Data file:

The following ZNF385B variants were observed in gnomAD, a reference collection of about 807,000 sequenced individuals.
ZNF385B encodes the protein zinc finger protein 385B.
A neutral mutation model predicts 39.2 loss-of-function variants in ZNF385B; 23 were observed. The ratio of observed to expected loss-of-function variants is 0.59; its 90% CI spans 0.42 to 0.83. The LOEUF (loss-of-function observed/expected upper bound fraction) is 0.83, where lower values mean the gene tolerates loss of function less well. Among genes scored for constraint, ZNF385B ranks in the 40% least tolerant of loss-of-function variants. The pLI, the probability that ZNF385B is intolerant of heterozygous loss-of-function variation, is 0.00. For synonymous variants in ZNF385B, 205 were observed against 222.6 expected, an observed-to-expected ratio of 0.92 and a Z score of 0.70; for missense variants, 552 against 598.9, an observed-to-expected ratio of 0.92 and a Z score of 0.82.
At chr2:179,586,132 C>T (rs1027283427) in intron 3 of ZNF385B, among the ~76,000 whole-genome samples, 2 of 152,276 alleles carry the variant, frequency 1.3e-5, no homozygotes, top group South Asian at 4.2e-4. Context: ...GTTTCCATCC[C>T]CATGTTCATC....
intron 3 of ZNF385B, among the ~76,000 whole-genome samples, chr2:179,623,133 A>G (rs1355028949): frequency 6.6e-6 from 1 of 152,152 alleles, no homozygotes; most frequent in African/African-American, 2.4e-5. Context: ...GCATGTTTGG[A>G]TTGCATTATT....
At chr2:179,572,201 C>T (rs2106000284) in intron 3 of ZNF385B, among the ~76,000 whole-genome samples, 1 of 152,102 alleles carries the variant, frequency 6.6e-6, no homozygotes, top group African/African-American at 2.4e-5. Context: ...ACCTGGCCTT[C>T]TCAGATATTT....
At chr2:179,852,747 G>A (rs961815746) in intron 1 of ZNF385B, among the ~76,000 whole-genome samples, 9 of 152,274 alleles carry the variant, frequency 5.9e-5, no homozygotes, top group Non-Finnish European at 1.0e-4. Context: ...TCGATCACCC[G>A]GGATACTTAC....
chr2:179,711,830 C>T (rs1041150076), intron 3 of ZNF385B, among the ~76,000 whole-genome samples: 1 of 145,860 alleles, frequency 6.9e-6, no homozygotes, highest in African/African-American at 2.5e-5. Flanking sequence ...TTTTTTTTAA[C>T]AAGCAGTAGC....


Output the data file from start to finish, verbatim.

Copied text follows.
The following ZNF385B variants were observed in gnomAD, a reference collection of about 807,000 sequenced individuals.
ZNF385B encodes the protein zinc finger protein 385B.
A neutral mutation model predicts 39.2 loss-of-function variants in ZNF385B; 23 were observed. The ratio of observed to expected loss-of-function variants is 0.59; its 90% CI spans 0.42 to 0.83. The LOEUF (loss-of-function observed/expected upper bound fraction) is 0.83, where lower values mean the gene tolerates loss of function less well. Among genes scored for constraint, ZNF385B ranks in the 40% least tolerant of loss-of-function variants. The pLI, the probability that ZNF385B is intolerant of heterozygous loss-of-function variation, is 0.00. For synonymous variants in ZNF385B, 205 were observed against 222.6 expected, an observed-to-expected ratio of 0.92 and a Z score of 0.70; for missense variants, 552 against 598.9, an observed-to-expected ratio of 0.92 and a Z score of 0.82.
At chr2:179,586,132 C>T (rs1027283427) in intron 3 of ZNF385B, among the ~76,000 whole-genome samples, 2 of 152,276 alleles carry the variant, frequency 1.3e-5, no homozygotes, top group South Asian at 4.2e-4. Context: ...GTTTCCATCC[C>T]CATGTTCATC....
intron 3 of ZNF385B, among the ~76,000 whole-genome samples, chr2:179,623,133 A>G (rs1355028949): frequency 6.6e-6 from 1 of 152,152 alleles, no homozygotes; most frequent in African/African-American, 2.4e-5. Context: ...GCATGTTTGG[A>G]TTGCATTATT....
At chr2:179,572,201 C>T (rs2106000284) in intron 3 of ZNF385B, among the ~76,000 whole-genome samples, 1 of 152,102 alleles carries the variant, frequency 6.6e-6, no homozygotes, top group African/African-American at 2.4e-5. Context: ...ACCTGGCCTT[C>T]TCAGATATTT....
At chr2:179,852,747 G>A (rs961815746) in intron 1 of ZNF385B, among the ~76,000 whole-genome samples, 9 of 152,274 alleles carry the variant, frequency 5.9e-5, no homozygotes, top group Non-Finnish European at 1.0e-4. Context: ...TCGATCACCC[G>A]GGATACTTAC....
chr2:179,711,830 C>T (rs1041150076), intron 3 of ZNF385B, among the ~76,000 whole-genome samples: 1 of 145,860 alleles, frequency 6.9e-6, no homozygotes, highest in African/African-American at 2.5e-5. Flanking sequence ...TTTTTTTTAA[C>T]AAGCAGTAGC....